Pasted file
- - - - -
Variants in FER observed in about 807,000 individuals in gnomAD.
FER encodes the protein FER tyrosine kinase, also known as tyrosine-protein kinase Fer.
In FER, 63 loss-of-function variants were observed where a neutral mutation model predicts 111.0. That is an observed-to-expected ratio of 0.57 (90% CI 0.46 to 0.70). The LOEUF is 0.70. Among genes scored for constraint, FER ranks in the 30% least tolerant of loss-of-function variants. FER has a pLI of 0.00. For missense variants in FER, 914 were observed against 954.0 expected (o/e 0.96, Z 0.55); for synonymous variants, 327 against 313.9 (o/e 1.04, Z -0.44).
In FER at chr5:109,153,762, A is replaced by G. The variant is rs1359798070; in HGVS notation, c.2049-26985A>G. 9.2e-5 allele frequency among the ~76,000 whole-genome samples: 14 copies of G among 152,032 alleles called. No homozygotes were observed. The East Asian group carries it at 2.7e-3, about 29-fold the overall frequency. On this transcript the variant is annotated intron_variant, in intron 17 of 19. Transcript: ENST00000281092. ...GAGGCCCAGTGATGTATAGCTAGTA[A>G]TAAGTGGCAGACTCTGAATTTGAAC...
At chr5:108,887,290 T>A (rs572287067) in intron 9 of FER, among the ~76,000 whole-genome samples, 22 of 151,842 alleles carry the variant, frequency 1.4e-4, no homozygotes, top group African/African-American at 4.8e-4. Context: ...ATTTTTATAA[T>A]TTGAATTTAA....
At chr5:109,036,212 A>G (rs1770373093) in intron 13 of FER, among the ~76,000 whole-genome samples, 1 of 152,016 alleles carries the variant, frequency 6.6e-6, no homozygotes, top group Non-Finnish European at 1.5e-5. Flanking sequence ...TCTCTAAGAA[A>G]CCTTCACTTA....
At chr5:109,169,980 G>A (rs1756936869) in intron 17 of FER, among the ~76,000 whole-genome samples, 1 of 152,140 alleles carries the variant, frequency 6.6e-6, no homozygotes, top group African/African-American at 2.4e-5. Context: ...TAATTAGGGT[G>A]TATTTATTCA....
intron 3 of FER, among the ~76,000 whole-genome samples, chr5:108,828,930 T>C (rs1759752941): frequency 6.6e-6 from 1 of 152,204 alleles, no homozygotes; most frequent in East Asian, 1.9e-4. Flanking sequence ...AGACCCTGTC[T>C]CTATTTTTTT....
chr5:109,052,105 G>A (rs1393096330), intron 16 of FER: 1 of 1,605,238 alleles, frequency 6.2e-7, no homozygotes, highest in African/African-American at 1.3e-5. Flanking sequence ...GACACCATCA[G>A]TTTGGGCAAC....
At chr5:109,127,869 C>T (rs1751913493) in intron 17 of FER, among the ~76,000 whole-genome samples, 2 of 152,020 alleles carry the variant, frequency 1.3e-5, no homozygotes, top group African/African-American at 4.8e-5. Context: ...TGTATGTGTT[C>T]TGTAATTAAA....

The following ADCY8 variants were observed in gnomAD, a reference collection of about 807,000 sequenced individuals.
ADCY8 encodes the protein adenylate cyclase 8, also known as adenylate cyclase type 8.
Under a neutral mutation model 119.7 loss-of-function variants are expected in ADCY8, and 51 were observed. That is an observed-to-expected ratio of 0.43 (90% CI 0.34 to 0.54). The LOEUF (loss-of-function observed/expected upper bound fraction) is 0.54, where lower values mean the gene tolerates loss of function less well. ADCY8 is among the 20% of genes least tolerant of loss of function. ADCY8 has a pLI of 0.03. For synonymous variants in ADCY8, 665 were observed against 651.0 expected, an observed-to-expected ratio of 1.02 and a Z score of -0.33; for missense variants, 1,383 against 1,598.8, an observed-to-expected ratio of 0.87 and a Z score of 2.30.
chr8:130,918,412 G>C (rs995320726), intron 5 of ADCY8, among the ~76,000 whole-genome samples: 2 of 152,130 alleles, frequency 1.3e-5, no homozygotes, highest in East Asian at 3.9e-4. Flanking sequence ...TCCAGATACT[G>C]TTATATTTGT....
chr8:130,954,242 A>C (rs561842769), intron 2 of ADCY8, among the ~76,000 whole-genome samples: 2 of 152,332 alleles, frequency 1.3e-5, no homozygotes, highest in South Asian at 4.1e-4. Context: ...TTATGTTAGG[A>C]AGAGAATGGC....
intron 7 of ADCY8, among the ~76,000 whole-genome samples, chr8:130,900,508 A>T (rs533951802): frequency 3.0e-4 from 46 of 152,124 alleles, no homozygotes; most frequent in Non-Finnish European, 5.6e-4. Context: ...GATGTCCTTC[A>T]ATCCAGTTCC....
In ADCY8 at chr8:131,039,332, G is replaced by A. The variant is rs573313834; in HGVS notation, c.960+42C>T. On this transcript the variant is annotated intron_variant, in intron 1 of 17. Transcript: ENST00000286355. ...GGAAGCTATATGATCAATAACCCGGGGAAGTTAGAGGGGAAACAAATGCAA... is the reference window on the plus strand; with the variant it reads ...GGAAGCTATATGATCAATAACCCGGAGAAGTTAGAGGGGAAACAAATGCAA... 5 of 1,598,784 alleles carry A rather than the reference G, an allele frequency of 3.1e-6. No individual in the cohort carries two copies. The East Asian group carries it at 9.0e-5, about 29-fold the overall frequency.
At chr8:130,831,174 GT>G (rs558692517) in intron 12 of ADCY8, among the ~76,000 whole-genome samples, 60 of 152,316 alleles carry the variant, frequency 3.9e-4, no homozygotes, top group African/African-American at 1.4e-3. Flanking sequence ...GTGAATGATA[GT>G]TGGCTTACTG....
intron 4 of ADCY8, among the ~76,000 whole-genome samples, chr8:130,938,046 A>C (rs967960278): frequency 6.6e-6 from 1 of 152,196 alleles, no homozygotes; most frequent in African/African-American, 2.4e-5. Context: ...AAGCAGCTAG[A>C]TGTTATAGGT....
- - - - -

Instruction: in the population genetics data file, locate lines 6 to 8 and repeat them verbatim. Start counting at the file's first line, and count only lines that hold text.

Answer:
At chr5:109,036,212 A>G (rs1770373093) in intron 13 of FER, among the ~76,000 whole-genome samples, 1 of 152,016 alleles carries the variant, frequency 6.6e-6, no homozygotes, top group Non-Finnish European at 1.5e-5. Flanking sequence ...TCTCTAAGAA[A>G]CCTTCACTTA....
At chr5:109,169,980 G>A (rs1756936869) in intron 17 of FER, among the ~76,000 whole-genome samples, 1 of 152,140 alleles carries the variant, frequency 6.6e-6, no homozygotes, top group African/African-American at 2.4e-5. Context: ...TAATTAGGGT[G>A]TATTTATTCA....
intron 3 of FER, among the ~76,000 whole-genome samples, chr5:108,828,930 T>C (rs1759752941): frequency 6.6e-6 from 1 of 152,204 alleles, no homozygotes; most frequent in East Asian, 1.9e-4. Flanking sequence ...AGACCCTGTC[T>C]CTATTTTTTT....